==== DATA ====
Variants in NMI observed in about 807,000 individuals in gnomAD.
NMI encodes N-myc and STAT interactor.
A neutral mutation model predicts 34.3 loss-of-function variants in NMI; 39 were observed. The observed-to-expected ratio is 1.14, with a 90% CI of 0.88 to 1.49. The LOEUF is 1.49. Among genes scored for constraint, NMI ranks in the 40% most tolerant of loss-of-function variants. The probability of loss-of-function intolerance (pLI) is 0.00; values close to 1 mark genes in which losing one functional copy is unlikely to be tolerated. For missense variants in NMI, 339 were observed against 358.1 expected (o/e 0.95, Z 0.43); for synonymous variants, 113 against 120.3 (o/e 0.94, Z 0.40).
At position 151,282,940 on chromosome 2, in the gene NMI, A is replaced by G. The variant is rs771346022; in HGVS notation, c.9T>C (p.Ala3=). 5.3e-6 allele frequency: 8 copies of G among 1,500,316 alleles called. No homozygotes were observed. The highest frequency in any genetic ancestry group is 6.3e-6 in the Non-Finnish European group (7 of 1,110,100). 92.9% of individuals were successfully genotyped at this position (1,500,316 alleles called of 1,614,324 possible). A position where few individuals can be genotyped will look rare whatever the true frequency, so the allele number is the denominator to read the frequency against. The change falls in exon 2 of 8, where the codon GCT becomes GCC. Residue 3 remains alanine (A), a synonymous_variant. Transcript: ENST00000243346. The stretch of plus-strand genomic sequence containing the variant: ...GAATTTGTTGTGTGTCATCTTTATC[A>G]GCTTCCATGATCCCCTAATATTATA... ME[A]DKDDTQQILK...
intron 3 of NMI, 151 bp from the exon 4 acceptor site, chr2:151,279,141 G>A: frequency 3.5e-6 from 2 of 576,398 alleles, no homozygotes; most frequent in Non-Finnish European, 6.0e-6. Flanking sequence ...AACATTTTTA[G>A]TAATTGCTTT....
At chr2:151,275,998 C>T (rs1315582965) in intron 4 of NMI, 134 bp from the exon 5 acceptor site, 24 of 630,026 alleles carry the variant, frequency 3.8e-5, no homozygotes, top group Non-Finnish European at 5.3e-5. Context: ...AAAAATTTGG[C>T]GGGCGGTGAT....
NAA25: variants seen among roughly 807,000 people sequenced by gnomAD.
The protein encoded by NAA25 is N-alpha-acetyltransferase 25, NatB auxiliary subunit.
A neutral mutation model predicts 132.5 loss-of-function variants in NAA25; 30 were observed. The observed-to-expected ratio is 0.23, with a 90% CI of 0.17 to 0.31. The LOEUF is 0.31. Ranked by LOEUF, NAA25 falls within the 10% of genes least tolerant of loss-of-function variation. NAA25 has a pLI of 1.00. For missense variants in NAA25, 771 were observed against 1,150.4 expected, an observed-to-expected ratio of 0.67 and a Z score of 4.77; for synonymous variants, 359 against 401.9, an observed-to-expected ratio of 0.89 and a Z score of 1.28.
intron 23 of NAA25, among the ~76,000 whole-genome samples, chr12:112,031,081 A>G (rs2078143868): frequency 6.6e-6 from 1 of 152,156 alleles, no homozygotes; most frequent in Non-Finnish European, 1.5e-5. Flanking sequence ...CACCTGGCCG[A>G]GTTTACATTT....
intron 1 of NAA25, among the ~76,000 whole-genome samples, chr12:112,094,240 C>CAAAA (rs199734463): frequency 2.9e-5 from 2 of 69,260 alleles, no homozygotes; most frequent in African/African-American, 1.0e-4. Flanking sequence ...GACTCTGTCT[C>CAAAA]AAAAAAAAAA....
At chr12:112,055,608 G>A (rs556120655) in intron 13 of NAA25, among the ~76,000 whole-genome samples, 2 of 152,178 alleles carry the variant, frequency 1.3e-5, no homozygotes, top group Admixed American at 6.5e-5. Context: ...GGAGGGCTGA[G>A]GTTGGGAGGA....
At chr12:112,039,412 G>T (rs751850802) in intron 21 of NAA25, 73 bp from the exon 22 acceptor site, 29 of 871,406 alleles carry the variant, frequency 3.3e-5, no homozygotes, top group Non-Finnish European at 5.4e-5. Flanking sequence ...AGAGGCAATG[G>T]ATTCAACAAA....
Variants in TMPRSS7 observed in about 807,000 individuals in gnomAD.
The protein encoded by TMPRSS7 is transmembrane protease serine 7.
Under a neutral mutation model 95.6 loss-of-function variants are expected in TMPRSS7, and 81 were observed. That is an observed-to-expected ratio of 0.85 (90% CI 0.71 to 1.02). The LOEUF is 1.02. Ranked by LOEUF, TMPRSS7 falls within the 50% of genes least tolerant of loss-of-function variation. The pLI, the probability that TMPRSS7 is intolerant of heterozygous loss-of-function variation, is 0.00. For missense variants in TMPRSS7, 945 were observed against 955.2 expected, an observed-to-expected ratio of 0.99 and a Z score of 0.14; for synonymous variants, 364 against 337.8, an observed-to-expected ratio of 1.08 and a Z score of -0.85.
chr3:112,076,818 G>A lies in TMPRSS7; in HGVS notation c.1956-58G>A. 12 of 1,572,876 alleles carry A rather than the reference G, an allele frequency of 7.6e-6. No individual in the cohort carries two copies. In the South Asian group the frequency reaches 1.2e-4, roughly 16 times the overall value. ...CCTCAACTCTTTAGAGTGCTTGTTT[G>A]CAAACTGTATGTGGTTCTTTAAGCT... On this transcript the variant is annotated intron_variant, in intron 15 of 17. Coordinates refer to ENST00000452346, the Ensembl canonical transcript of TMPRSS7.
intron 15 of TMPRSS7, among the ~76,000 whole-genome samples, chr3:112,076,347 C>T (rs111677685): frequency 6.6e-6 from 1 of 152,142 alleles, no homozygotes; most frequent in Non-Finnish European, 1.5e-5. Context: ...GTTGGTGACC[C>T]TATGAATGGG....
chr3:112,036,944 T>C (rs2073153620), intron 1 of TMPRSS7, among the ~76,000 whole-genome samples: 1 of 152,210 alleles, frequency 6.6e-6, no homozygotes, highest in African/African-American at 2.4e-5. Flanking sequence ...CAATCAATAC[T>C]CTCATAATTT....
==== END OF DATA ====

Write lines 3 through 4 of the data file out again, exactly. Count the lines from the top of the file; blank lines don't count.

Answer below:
A neutral mutation model predicts 34.3 loss-of-function variants in NMI; 39 were observed. The observed-to-expected ratio is 1.14, with a 90% CI of 0.88 to 1.49. The LOEUF is 1.49. Among genes scored for constraint, NMI ranks in the 40% most tolerant of loss-of-function variants. The probability of loss-of-function intolerance (pLI) is 0.00; values close to 1 mark genes in which losing one functional copy is unlikely to be tolerated. For missense variants in NMI, 339 were observed against 358.1 expected (o/e 0.95, Z 0.43); for synonymous variants, 113 against 120.3 (o/e 0.94, Z 0.40).
At position 151,282,940 on chromosome 2, in the gene NMI, A is replaced by G. The variant is rs771346022; in HGVS notation, c.9T>C (p.Ala3=). 5.3e-6 allele frequency: 8 copies of G among 1,500,316 alleles called. No homozygotes were observed. The highest frequency in any genetic ancestry group is 6.3e-6 in the Non-Finnish European group (7 of 1,110,100). 92.9% of individuals were successfully genotyped at this position (1,500,316 alleles called of 1,614,324 possible). A position where few individuals can be genotyped will look rare whatever the true frequency, so the allele number is the denominator to read the frequency against. The change falls in exon 2 of 8, where the codon GCT becomes GCC. Residue 3 remains alanine (A), a synonymous_variant. Transcript: ENST00000243346. The stretch of plus-strand genomic sequence containing the variant: ...GAATTTGTTGTGTGTCATCTTTATC[A>G]GCTTCCATGATCCCCTAATATTATA... ME[A]DKDDTQQILK...